Variations by Boris Wild
Review by Michael Close
Before the pandemic shut everything down, Boris Wild was presenting his lecture, “Sensations,” to magicians around the world. Now that things are slowly returning to normal, Boris is preparing to head out on the circuit again, but with a new lecture, featuring material he created during the quarantine.
The lecture notes accompanying this lecture are titled Variations; seven card routines and one sleight (used in several of the routines) are explained. Variations is not done in an abbreviated, lecture-note style; it is a robust manuscript of seventy-two pages, with thorough explanations and almost eighty black-and-white photos. You will certainly be able to learn the routines, even if you don’t have the opportunity to see Boris lecture on the material.
Although Boris is best known for his card-marking system, none of routines in Variations requires the use of the Boris Wild Marked Deck. However, several routines do have additional information about how the effect can be enhanced if a marked deck is used. Technically, the material is within the abilities of an intermediate card magician. The most difficult move is a single card cull, and Boris explains his handling of this sleight at the end of the manuscript.
The first routine, Zoom 9, is a completely hands-off revelation of a selected card. Based on Jim Steinmeyer’s Nine Card Problem, this effect can be performed in person or during a virtual magic show. The trick provides wide flexibility in terms of both the presentation and the subsequent revelation of the selected card. I think you’ll get a lot of mileage from this trick.
ARCAAN stands for Any Reversed Card at Any Number. A card is named; after some preliminary handling (all of which is justified by the presentation), the card magically appears face up at a number previously named by the spectator. While this does not duplicate the cleanliness you get from other published ACAAN methods (such as Asi Wind’s), this is not difficult at all, can be done with a borrowed deck, and gives you the surprise appearance of the face-up card.
In Any Ambitious Card at Any Number, a spectator selects a card, which is moved to a position near the bottom of the deck where it remains out-jogged. She then names a number (for example, eleven). The out-jogged card is pushed flush. The magician gives a magic gesture and then counts down to the eleventh card; it is the spectator’s selection. The method of card control used here is simple; it could certainly be used in other effects.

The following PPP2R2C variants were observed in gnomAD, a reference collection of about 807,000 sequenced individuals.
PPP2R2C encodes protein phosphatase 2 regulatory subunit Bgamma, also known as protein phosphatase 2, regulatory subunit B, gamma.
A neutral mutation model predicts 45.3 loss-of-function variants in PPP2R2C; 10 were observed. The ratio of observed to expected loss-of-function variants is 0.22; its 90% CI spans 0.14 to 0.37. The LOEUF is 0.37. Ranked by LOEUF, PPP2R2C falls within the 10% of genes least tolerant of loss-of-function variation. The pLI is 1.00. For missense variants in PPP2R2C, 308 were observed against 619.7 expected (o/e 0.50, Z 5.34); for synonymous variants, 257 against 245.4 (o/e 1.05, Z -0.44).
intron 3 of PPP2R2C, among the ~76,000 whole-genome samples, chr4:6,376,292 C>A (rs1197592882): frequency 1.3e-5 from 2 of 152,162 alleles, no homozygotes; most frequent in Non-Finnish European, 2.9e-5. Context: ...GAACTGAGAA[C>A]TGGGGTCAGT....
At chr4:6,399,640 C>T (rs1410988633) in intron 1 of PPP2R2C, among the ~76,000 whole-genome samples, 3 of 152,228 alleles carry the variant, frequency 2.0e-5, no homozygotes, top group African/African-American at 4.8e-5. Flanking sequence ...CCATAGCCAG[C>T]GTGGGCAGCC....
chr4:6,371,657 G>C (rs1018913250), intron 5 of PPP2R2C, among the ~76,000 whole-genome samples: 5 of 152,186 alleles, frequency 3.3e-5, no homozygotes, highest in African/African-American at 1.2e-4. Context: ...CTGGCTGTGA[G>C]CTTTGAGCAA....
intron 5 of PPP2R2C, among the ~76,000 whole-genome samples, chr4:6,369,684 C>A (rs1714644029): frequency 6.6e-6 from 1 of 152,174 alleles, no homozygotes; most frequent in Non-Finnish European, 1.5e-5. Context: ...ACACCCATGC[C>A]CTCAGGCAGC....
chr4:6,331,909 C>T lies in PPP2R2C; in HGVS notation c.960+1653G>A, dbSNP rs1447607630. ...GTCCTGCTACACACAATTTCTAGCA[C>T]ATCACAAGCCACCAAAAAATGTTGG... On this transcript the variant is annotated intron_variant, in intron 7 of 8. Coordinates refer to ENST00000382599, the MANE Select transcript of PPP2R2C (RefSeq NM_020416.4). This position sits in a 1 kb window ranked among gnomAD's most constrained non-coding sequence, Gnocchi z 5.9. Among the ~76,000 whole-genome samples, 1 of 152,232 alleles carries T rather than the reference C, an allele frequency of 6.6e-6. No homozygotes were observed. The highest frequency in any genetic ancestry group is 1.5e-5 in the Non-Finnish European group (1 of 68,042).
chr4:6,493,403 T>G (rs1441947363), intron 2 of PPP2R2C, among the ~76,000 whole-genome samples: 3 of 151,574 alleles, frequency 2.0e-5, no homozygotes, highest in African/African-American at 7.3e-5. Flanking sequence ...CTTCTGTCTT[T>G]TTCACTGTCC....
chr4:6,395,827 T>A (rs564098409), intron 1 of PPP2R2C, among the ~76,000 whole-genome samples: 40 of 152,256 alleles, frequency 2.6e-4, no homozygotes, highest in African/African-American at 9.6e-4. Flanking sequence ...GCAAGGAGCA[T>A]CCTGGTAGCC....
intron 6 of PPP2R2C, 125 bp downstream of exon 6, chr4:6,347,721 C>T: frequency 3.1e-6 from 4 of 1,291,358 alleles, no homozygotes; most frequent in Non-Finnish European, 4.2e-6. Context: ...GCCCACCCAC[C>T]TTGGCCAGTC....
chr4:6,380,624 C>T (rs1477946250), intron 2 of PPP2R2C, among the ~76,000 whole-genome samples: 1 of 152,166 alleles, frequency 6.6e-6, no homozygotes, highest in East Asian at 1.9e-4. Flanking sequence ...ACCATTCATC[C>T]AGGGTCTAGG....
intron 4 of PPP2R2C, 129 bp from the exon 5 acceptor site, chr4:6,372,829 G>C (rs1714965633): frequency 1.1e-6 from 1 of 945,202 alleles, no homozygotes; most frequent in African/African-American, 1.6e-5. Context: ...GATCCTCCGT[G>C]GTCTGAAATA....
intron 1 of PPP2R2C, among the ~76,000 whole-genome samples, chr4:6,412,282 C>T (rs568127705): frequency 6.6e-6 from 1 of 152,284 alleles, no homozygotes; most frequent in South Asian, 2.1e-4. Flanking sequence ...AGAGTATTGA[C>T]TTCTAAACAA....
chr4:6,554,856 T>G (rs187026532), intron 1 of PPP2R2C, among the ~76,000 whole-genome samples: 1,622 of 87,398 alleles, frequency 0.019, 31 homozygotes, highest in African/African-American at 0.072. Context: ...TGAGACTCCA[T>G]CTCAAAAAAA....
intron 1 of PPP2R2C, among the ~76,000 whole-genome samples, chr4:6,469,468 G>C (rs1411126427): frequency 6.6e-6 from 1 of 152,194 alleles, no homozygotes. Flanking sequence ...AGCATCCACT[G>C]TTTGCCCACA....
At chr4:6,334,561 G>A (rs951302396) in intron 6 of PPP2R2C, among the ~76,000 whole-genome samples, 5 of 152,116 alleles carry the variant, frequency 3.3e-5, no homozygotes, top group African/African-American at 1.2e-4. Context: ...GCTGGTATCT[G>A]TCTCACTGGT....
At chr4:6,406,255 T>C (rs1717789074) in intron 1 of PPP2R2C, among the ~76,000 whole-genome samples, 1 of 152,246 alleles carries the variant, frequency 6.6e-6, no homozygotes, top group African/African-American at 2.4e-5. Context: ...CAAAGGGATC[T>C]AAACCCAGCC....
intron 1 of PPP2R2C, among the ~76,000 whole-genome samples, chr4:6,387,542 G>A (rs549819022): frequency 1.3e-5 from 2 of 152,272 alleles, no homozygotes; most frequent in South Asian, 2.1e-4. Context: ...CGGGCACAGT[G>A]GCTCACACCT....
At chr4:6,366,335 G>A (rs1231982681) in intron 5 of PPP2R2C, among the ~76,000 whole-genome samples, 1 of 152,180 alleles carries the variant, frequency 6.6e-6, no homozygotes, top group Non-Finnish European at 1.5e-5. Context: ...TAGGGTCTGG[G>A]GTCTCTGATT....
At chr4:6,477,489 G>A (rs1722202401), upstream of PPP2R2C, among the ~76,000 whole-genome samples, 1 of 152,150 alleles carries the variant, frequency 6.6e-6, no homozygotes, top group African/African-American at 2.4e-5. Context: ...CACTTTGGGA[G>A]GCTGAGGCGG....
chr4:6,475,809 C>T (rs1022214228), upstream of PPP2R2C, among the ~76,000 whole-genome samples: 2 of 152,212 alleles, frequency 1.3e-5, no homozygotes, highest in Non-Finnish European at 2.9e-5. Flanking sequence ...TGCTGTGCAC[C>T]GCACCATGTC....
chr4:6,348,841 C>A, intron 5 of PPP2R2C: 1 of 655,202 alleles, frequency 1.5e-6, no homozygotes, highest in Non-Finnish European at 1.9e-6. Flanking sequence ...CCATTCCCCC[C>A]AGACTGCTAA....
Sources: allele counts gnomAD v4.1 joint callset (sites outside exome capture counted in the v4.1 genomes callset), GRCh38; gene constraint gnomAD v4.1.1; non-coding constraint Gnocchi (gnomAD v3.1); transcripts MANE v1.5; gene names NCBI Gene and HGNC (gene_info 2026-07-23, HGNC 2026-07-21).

As its name suggests, Predicolor is a prediction effect. In this case, the spectator chooses the only red-backed Bicycle (or Phoenix) card in a rainbow deck. This event is predicted by the magician, but at first the prediction appears to be a gag. The change of the deck (which the spectator thinks is a standard deck) comes as a big surprise. This routine provides a lot of magical bang for minimal technical effort.
For the next effect, Invisiquiz, a borrowed deck can be used. A card is freely selected and apparently lost in the deck. The magician asks five questions about the card (some of these are lighthearted, nonsensical questions). The answers to these questions are spelled out; the card falling on the final letter is placed aside. The magician has a positive feeling that the spectator’s card is among those five. He has the spectator withdraw an imaginary card from the five-card packet. The magician shows the packet; there are now only four cards there. This is surprise number one. The spectator shows the magician the face of the invisible card; the magician immediately states, “Yes, that’s it, the (naming the selection).” This is surprise number two. The invisible card is replaced face up into the face-down four-card packet. The packet is spread; the selected card is there, and it is face up (surprise number three).
The Impossible Double Divination is a real magician fooler. (It would also play well in casual situations for intelligent adults.) It is the discovery of two cards selected under test conditions. The only move involved is one faro shuffle, which can be eliminated if you prefer.
Color Changing Chicago is a combination of Al Leech’s Hot Card Trick Number 1 (better known as The Chicago Opener or Red Hot Mama) and the venerable Color Changing Deck effect. A couple of easily prepared gaffs do all the heavy lifting. The backs of the selected cards and the entire deck change several times.
As I mentioned above, the final item is Boris’s handling of the single card cull. He offers a useful hint that will aid in your learning of this sleight.
All in all, Variations offers some fun, practical effects at a reasonable price. Low-intermediate level card enthusiasts will find material that will spark their own creative endeavors. ♦